GMG to support Queensland University of Technology pilot for piezo-supercapacitors for self-powered medical implants

Graphene Manufacturing Group (GMG) has formalized its support to Queensland University of Technology – Centre for Biomedical Technologies (“CBT”) for the development of Piezo-Supercapacitors for Self-Powered Medical Implants through a pilot project agreement. The Agreement details GMG’s contribution of expertise and graphene for the project.

GMG Supports Queensland University of Technology project for supercapacitors for medical implants image

The initial Industry Engagement Grant entitled “Piezoelectric Supercapacitors for Self-Powered Medical Implants” was awarded to Professor Cameron Brown, Associate Professor Deepak Dubal, Dr. Hong Duc Pham and the Chief Scientific Officer of GMG, Dr. Ashok Kumar Nanjundan.

Researchers experiment with LIG to create improved wearable health devices

A Penn State-led international research team (led by Professor Huanyu “Larry” Cheng at Penn State) recently published two studies that could boost research and development of future motion detection, tactile sensing and health monitoring devices.

Graphene made with lasers for wearable health devices image

There are various substances that can be converted into carbon to create graphene through laser radiation, in a process called laser-induced graphene (LIG). The resulting product can have specific properties determined by the original material. The team set out to test this process and has reached interesting conclusions.

How concerned should we be about graphene's toxicity?

The potential toxicity of graphene and graphene oxide has been on people's minds lately. This is an area that has always received some attention, but recently there have been rumors and wild speculations about the adoption of graphene oxide and the risks involved.

Grapene toxicity poll results (August 2021)

Researchers have been studying the toxicity of graphene and graphene oxide for many years. While these materials have not yet been established as completely safe for use, there are quite a few research results that indicate that graphene can be relatively safe under the appropriate conditions.

Chalmers team develops a graphene-based material that kills bacteria on implants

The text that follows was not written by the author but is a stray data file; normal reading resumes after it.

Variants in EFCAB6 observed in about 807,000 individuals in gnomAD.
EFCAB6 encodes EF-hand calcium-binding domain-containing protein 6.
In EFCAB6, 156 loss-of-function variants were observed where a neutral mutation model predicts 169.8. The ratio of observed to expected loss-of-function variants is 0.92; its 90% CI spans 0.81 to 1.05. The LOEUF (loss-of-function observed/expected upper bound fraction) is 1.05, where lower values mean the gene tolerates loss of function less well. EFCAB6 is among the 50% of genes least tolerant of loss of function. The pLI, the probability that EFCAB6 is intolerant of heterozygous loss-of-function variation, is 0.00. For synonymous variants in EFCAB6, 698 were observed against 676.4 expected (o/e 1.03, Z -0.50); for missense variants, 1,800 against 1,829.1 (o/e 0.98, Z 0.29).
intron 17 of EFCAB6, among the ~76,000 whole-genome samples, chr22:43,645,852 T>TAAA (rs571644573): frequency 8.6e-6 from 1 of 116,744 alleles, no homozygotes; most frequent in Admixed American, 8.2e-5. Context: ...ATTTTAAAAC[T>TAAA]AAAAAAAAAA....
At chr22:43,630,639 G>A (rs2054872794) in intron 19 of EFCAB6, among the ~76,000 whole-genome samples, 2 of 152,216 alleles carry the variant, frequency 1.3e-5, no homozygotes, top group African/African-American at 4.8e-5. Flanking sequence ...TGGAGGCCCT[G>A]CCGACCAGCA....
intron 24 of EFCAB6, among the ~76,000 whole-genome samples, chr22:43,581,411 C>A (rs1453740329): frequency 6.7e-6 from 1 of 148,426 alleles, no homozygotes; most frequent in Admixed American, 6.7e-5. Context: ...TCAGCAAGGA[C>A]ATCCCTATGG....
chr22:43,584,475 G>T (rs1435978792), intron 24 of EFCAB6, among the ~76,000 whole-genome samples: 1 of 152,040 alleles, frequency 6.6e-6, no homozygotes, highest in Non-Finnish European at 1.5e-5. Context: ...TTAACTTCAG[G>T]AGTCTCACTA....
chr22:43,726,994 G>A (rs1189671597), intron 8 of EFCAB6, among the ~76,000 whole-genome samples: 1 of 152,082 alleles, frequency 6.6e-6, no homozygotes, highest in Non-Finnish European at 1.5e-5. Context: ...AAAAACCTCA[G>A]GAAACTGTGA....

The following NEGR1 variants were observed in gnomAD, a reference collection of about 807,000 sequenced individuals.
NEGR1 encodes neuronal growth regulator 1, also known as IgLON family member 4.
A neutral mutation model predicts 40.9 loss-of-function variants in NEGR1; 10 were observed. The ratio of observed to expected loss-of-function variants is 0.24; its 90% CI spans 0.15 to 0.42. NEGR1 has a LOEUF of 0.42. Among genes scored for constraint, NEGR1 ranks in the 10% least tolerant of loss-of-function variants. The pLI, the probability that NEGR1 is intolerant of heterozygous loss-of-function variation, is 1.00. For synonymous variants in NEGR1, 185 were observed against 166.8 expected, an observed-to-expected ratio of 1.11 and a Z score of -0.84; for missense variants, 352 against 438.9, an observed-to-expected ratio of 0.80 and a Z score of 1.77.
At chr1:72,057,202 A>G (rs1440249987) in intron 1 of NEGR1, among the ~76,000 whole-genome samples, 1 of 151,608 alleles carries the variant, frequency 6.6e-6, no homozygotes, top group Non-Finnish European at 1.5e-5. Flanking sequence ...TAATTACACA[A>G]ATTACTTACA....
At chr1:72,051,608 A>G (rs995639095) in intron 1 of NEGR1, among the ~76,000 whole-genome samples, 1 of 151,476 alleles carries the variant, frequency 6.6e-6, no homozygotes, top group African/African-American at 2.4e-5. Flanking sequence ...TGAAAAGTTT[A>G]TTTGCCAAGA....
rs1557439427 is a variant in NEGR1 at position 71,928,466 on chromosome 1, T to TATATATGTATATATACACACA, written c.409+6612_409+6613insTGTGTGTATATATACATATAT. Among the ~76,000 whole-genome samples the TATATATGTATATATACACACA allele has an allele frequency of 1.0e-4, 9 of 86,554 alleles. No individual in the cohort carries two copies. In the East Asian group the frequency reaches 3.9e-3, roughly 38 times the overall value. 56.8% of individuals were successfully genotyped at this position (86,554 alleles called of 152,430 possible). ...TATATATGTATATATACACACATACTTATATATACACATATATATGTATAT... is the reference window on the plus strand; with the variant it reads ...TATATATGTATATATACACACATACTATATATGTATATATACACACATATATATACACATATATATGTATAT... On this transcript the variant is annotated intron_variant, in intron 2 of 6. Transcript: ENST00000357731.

Researchers at Chalmers University have developed a new method to prevent infections relating to medical implants, by covering a graphene-based material with bactericidal molecules.

“Through our research, we have succeeded in binding water-insoluble antibacterial molecules to the graphene, and having the molecules release in a controlled, continuous manner from the material. This is an essential requirement for the method to work. The way in which we bind the active molecules to the graphene is also very simple, and could be easily integrated into industrial processes,” explains Santosh Pandit, researcher at the Department of Biology and Biological Engineering at Chalmers, and first author of the study.

Graphene assists researchers to develop a prototype for an artificial neuron

A team of researchers from CNRS and the Ecole Normale Supérieure in France developed a prototype of an artificial neuron. Their system uses ions to carry information, and relies on a thin layer of water transporting ions within long graphene incisions.

The human brain manages to consume relatively small amounts of energy, even while performing complex tasks. This high efficiency comes from neurons, which have a membrane with tiny pores called ion channels. These channels can open and close according to the stimuli received from neighboring neurons. The result is an electric current going from neuron to neuron, allowing these cells to communicate with each other.